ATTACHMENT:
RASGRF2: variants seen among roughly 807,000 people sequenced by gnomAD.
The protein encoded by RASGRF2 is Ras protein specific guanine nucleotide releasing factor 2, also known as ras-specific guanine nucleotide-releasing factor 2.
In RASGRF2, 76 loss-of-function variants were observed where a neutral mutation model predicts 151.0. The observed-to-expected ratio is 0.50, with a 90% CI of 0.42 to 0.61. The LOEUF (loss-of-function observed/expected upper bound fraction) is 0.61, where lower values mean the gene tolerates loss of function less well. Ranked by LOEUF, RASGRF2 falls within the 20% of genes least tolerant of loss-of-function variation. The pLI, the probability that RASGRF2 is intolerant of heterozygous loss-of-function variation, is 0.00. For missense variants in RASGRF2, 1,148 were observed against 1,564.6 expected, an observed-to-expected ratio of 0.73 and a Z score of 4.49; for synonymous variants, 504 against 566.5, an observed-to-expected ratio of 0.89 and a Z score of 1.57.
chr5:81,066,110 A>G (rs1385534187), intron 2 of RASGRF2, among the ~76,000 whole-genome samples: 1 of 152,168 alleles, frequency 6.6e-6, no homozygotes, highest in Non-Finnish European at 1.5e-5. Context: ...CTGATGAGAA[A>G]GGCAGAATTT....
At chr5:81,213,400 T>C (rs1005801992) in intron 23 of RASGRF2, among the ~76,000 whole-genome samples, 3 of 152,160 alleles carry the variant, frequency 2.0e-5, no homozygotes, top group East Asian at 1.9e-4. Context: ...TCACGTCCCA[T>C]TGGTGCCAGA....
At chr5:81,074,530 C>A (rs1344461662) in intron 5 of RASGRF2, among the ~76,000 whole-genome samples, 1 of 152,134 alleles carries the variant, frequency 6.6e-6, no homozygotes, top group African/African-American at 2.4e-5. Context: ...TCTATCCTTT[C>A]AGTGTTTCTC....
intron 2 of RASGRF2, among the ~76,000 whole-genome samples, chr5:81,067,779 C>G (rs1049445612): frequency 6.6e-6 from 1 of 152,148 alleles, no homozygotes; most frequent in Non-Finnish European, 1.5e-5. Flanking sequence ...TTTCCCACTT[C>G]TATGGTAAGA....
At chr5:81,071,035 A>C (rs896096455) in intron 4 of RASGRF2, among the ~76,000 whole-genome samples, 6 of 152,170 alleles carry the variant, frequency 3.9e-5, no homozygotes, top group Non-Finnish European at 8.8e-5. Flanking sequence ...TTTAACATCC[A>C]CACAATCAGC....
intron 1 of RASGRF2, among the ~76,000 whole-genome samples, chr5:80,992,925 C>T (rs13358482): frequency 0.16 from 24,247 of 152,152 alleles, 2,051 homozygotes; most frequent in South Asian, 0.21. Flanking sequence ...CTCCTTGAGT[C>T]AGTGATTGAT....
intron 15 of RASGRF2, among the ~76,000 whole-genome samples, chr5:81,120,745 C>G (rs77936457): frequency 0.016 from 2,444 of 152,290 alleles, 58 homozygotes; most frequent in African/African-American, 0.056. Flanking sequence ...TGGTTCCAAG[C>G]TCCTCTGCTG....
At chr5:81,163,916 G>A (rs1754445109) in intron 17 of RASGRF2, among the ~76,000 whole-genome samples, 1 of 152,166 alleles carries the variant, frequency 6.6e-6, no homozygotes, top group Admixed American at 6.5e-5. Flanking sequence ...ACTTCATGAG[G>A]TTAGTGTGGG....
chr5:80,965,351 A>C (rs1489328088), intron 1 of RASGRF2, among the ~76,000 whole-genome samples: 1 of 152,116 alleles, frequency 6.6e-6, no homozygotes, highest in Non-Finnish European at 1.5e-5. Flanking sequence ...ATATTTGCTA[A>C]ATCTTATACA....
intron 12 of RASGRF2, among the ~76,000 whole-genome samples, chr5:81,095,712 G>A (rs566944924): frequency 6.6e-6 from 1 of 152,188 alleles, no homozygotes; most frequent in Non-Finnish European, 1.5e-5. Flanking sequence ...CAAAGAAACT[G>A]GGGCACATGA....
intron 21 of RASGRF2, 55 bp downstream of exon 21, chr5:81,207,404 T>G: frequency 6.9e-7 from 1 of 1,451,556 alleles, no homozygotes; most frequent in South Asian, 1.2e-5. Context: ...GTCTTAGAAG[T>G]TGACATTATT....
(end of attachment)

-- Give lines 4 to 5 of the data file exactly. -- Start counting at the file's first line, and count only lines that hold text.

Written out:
chr5:81,066,110 A>G (rs1385534187), intron 2 of RASGRF2, among the ~76,000 whole-genome samples: 1 of 152,168 alleles, frequency 6.6e-6, no homozygotes, highest in Non-Finnish European at 1.5e-5. Context: ...CTGATGAGAA[A>G]GGCAGAATTT....
At chr5:81,213,400 T>C (rs1005801992) in intron 23 of RASGRF2, among the ~76,000 whole-genome samples, 3 of 152,160 alleles carry the variant, frequency 2.0e-5, no homozygotes, top group East Asian at 1.9e-4. Context: ...TCACGTCCCA[T>C]TGGTGCCAGA....